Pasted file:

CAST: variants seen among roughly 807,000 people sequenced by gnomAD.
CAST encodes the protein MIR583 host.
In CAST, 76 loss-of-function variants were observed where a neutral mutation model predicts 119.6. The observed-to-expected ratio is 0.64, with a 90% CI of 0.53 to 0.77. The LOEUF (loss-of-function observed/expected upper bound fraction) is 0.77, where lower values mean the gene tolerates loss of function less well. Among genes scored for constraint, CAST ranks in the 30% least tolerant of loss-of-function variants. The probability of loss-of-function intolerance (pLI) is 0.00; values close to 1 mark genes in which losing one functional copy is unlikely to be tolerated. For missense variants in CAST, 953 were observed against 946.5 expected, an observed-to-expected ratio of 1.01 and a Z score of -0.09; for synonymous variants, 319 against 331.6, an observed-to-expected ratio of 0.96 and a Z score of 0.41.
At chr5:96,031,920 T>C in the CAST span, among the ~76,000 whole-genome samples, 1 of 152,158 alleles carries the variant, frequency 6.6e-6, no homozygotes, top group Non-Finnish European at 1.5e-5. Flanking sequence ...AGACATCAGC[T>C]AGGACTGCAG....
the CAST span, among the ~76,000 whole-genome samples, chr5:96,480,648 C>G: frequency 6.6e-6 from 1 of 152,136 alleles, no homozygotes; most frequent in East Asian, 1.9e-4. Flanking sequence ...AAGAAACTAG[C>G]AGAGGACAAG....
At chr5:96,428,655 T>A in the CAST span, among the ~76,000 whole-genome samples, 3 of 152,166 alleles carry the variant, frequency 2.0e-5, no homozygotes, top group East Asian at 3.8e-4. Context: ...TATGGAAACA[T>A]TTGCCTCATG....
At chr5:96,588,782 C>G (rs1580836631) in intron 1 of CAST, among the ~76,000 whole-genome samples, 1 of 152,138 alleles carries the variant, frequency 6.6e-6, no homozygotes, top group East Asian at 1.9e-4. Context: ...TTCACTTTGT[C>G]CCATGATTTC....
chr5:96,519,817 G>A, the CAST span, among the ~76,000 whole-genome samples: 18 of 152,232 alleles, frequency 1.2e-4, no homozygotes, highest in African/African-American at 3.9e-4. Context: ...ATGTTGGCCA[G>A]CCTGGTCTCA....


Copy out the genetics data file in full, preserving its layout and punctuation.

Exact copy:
CAST: variants seen among roughly 807,000 people sequenced by gnomAD.
CAST encodes the protein MIR583 host.
In CAST, 76 loss-of-function variants were observed where a neutral mutation model predicts 119.6. The observed-to-expected ratio is 0.64, with a 90% CI of 0.53 to 0.77. The LOEUF (loss-of-function observed/expected upper bound fraction) is 0.77, where lower values mean the gene tolerates loss of function less well. Among genes scored for constraint, CAST ranks in the 30% least tolerant of loss-of-function variants. The probability of loss-of-function intolerance (pLI) is 0.00; values close to 1 mark genes in which losing one functional copy is unlikely to be tolerated. For missense variants in CAST, 953 were observed against 946.5 expected, an observed-to-expected ratio of 1.01 and a Z score of -0.09; for synonymous variants, 319 against 331.6, an observed-to-expected ratio of 0.96 and a Z score of 0.41.
At chr5:96,031,920 T>C in the CAST span, among the ~76,000 whole-genome samples, 1 of 152,158 alleles carries the variant, frequency 6.6e-6, no homozygotes, top group Non-Finnish European at 1.5e-5. Flanking sequence ...AGACATCAGC[T>C]AGGACTGCAG....
the CAST span, among the ~76,000 whole-genome samples, chr5:96,480,648 C>G: frequency 6.6e-6 from 1 of 152,136 alleles, no homozygotes; most frequent in East Asian, 1.9e-4. Flanking sequence ...AAGAAACTAG[C>G]AGAGGACAAG....
At chr5:96,428,655 T>A in the CAST span, among the ~76,000 whole-genome samples, 3 of 152,166 alleles carry the variant, frequency 2.0e-5, no homozygotes, top group East Asian at 3.8e-4. Context: ...TATGGAAACA[T>A]TTGCCTCATG....
At chr5:96,588,782 C>G (rs1580836631) in intron 1 of CAST, among the ~76,000 whole-genome samples, 1 of 152,138 alleles carries the variant, frequency 6.6e-6, no homozygotes, top group East Asian at 1.9e-4. Context: ...TTCACTTTGT[C>G]CCATGATTTC....
chr5:96,519,817 G>A, the CAST span, among the ~76,000 whole-genome samples: 18 of 152,232 alleles, frequency 1.2e-4, no homozygotes, highest in African/African-American at 3.9e-4. Context: ...ATGTTGGCCA[G>A]CCTGGTCTCA....